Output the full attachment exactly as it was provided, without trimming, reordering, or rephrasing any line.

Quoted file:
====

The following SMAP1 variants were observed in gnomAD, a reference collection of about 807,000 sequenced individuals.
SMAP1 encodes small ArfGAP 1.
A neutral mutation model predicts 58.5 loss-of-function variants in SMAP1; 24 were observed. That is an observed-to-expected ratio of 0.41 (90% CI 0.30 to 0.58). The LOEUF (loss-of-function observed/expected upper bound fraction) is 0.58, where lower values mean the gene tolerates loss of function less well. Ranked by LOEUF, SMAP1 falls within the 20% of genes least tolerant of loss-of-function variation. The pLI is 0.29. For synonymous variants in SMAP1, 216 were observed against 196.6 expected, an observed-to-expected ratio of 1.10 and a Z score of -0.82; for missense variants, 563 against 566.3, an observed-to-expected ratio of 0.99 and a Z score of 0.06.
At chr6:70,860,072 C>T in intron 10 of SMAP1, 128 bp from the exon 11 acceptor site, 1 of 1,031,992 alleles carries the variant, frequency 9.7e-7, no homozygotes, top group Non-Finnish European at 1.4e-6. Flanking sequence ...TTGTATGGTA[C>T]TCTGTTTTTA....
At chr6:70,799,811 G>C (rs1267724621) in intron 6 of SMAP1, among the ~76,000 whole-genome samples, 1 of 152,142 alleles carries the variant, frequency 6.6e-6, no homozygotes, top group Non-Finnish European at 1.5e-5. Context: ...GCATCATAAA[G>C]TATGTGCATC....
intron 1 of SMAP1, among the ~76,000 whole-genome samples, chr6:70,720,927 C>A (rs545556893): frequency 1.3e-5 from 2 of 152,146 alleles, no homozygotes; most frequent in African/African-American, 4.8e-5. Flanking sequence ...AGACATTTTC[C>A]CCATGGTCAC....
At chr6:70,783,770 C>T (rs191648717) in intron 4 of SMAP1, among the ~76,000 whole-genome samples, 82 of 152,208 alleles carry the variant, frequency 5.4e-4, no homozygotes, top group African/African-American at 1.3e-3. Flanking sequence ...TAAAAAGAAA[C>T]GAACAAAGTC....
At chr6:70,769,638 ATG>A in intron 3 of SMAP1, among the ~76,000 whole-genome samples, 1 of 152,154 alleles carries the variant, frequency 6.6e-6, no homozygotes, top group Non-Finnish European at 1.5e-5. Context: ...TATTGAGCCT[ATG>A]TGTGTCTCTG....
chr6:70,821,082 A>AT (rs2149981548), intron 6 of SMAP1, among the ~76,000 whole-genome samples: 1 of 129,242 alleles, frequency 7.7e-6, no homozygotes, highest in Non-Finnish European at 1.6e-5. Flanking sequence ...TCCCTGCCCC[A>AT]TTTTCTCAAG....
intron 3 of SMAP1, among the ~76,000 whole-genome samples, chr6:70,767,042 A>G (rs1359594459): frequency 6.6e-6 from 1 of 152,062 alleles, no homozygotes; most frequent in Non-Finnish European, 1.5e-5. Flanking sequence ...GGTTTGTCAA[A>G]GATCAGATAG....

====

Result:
The following SMAP1 variants were observed in gnomAD, a reference collection of about 807,000 sequenced individuals.
SMAP1 encodes small ArfGAP 1.
A neutral mutation model predicts 58.5 loss-of-function variants in SMAP1; 24 were observed. That is an observed-to-expected ratio of 0.41 (90% CI 0.30 to 0.58). The LOEUF (loss-of-function observed/expected upper bound fraction) is 0.58, where lower values mean the gene tolerates loss of function less well. Ranked by LOEUF, SMAP1 falls within the 20% of genes least tolerant of loss-of-function variation. The pLI is 0.29. For synonymous variants in SMAP1, 216 were observed against 196.6 expected, an observed-to-expected ratio of 1.10 and a Z score of -0.82; for missense variants, 563 against 566.3, an observed-to-expected ratio of 0.99 and a Z score of 0.06.
At chr6:70,860,072 C>T in intron 10 of SMAP1, 128 bp from the exon 11 acceptor site, 1 of 1,031,992 alleles carries the variant, frequency 9.7e-7, no homozygotes, top group Non-Finnish European at 1.4e-6. Flanking sequence ...TTGTATGGTA[C>T]TCTGTTTTTA....
At chr6:70,799,811 G>C (rs1267724621) in intron 6 of SMAP1, among the ~76,000 whole-genome samples, 1 of 152,142 alleles carries the variant, frequency 6.6e-6, no homozygotes, top group Non-Finnish European at 1.5e-5. Context: ...GCATCATAAA[G>C]TATGTGCATC....
intron 1 of SMAP1, among the ~76,000 whole-genome samples, chr6:70,720,927 C>A (rs545556893): frequency 1.3e-5 from 2 of 152,146 alleles, no homozygotes; most frequent in African/African-American, 4.8e-5. Flanking sequence ...AGACATTTTC[C>A]CCATGGTCAC....
At chr6:70,783,770 C>T (rs191648717) in intron 4 of SMAP1, among the ~76,000 whole-genome samples, 82 of 152,208 alleles carry the variant, frequency 5.4e-4, no homozygotes, top group African/African-American at 1.3e-3. Flanking sequence ...TAAAAAGAAA[C>T]GAACAAAGTC....
At chr6:70,769,638 ATG>A in intron 3 of SMAP1, among the ~76,000 whole-genome samples, 1 of 152,154 alleles carries the variant, frequency 6.6e-6, no homozygotes, top group Non-Finnish European at 1.5e-5. Context: ...TATTGAGCCT[ATG>A]TGTGTCTCTG....
chr6:70,821,082 A>AT (rs2149981548), intron 6 of SMAP1, among the ~76,000 whole-genome samples: 1 of 129,242 alleles, frequency 7.7e-6, no homozygotes, highest in Non-Finnish European at 1.6e-5. Flanking sequence ...TCCCTGCCCC[A>AT]TTTTCTCAAG....
intron 3 of SMAP1, among the ~76,000 whole-genome samples, chr6:70,767,042 A>G (rs1359594459): frequency 6.6e-6 from 1 of 152,062 alleles, no homozygotes; most frequent in Non-Finnish European, 1.5e-5. Flanking sequence ...GGTTTGTCAA[A>G]GATCAGATAG....